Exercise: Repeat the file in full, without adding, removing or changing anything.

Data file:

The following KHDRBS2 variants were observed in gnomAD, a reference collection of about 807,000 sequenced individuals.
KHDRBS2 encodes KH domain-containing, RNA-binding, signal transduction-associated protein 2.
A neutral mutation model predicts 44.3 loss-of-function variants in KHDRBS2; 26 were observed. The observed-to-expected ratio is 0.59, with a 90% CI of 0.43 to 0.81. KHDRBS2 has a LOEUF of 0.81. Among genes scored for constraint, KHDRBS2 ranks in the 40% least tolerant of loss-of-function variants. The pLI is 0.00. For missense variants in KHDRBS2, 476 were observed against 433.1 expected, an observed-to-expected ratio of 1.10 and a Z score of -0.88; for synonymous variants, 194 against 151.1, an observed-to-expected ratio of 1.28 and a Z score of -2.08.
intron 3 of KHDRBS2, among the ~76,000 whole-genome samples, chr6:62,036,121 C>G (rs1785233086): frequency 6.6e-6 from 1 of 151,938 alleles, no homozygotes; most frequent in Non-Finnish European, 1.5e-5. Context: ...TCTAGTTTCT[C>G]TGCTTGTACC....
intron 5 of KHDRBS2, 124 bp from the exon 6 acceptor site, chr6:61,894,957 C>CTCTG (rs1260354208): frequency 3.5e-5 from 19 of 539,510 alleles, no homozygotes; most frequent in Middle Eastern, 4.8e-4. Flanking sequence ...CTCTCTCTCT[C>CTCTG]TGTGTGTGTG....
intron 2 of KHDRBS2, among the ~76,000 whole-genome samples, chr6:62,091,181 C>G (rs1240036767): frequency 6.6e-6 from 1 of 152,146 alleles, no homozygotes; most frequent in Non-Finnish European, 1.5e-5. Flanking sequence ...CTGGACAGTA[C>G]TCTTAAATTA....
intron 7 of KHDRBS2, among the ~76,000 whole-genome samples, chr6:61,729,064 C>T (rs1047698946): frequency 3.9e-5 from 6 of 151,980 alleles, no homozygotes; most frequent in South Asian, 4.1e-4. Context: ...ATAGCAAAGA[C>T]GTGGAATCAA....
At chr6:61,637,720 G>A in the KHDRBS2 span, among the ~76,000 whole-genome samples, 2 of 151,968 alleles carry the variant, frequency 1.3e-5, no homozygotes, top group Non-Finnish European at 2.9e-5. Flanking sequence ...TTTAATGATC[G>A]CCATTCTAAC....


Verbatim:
The following KHDRBS2 variants were observed in gnomAD, a reference collection of about 807,000 sequenced individuals.
KHDRBS2 encodes KH domain-containing, RNA-binding, signal transduction-associated protein 2.
A neutral mutation model predicts 44.3 loss-of-function variants in KHDRBS2; 26 were observed. The observed-to-expected ratio is 0.59, with a 90% CI of 0.43 to 0.81. KHDRBS2 has a LOEUF of 0.81. Among genes scored for constraint, KHDRBS2 ranks in the 40% least tolerant of loss-of-function variants. The pLI is 0.00. For missense variants in KHDRBS2, 476 were observed against 433.1 expected, an observed-to-expected ratio of 1.10 and a Z score of -0.88; for synonymous variants, 194 against 151.1, an observed-to-expected ratio of 1.28 and a Z score of -2.08.
intron 3 of KHDRBS2, among the ~76,000 whole-genome samples, chr6:62,036,121 C>G (rs1785233086): frequency 6.6e-6 from 1 of 151,938 alleles, no homozygotes; most frequent in Non-Finnish European, 1.5e-5. Context: ...TCTAGTTTCT[C>G]TGCTTGTACC....
intron 5 of KHDRBS2, 124 bp from the exon 6 acceptor site, chr6:61,894,957 C>CTCTG (rs1260354208): frequency 3.5e-5 from 19 of 539,510 alleles, no homozygotes; most frequent in Middle Eastern, 4.8e-4. Flanking sequence ...CTCTCTCTCT[C>CTCTG]TGTGTGTGTG....
intron 2 of KHDRBS2, among the ~76,000 whole-genome samples, chr6:62,091,181 C>G (rs1240036767): frequency 6.6e-6 from 1 of 152,146 alleles, no homozygotes; most frequent in Non-Finnish European, 1.5e-5. Flanking sequence ...CTGGACAGTA[C>G]TCTTAAATTA....
intron 7 of KHDRBS2, among the ~76,000 whole-genome samples, chr6:61,729,064 C>T (rs1047698946): frequency 3.9e-5 from 6 of 151,980 alleles, no homozygotes; most frequent in South Asian, 4.1e-4. Context: ...ATAGCAAAGA[C>T]GTGGAATCAA....
At chr6:61,637,720 G>A in the KHDRBS2 span, among the ~76,000 whole-genome samples, 2 of 151,968 alleles carry the variant, frequency 1.3e-5, no homozygotes, top group Non-Finnish European at 2.9e-5. Flanking sequence ...TTTAATGATC[G>A]CCATTCTAAC....